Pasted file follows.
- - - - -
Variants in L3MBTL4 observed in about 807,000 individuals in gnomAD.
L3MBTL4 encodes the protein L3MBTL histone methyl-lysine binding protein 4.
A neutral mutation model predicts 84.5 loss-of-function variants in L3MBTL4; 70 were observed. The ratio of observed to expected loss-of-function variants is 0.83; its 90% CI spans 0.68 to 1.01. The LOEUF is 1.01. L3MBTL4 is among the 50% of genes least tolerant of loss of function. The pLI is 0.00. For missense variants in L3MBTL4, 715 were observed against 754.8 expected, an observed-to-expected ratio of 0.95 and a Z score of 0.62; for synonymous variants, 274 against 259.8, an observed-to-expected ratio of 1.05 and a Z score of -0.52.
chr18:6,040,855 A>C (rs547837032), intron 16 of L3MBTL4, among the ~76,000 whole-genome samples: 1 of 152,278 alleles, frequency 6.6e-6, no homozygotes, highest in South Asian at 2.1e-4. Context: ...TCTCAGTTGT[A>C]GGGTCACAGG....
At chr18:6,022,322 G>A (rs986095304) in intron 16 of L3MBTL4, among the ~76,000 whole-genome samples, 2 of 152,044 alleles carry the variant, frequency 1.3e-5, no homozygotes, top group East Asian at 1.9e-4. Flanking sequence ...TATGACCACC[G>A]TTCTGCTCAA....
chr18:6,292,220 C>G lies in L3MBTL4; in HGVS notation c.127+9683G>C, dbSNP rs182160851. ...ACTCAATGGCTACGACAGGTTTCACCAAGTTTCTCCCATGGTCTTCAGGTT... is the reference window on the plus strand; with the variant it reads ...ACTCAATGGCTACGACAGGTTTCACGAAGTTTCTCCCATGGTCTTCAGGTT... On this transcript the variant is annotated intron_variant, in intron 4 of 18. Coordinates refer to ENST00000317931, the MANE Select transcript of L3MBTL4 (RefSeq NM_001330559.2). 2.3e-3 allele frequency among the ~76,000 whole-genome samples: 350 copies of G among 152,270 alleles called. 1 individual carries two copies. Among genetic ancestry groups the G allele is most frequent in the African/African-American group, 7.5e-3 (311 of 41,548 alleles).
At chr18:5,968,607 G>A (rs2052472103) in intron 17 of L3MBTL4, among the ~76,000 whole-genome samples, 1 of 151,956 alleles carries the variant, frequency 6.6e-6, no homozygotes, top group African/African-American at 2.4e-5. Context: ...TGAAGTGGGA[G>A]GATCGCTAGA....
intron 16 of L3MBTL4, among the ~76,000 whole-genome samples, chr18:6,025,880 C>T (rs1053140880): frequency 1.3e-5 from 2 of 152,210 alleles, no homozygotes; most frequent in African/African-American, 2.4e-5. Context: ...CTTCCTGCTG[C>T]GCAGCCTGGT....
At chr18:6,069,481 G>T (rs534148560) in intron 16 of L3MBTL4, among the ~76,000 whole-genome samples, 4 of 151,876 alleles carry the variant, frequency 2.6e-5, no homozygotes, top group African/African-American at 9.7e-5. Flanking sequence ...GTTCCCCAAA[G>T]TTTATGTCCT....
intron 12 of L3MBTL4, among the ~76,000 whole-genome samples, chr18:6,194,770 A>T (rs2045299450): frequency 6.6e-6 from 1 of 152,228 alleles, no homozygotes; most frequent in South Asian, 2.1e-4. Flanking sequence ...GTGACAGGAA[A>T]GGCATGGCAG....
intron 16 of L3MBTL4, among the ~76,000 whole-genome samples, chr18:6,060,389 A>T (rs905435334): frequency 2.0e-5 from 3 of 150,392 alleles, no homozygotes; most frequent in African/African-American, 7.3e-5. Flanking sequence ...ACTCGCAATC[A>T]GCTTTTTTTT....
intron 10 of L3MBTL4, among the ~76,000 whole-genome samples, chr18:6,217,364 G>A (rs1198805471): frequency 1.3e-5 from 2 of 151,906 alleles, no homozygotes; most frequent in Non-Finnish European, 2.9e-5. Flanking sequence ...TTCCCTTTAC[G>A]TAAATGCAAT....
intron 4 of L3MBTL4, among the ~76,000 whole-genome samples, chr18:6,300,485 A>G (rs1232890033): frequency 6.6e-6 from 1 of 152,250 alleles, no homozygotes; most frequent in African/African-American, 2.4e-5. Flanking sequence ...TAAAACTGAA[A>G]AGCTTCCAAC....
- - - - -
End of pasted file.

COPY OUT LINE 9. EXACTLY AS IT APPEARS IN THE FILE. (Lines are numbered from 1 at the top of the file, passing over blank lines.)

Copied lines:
At chr18:6,069,481 G>T (rs534148560) in intron 16 of L3MBTL4, among the ~76,000 whole-genome samples, 4 of 151,876 alleles carry the variant, frequency 2.6e-5, no homozygotes, top group African/African-American at 9.7e-5. Flanking sequence ...GTTCCCCAAA[G>T]TTTATGTCCT....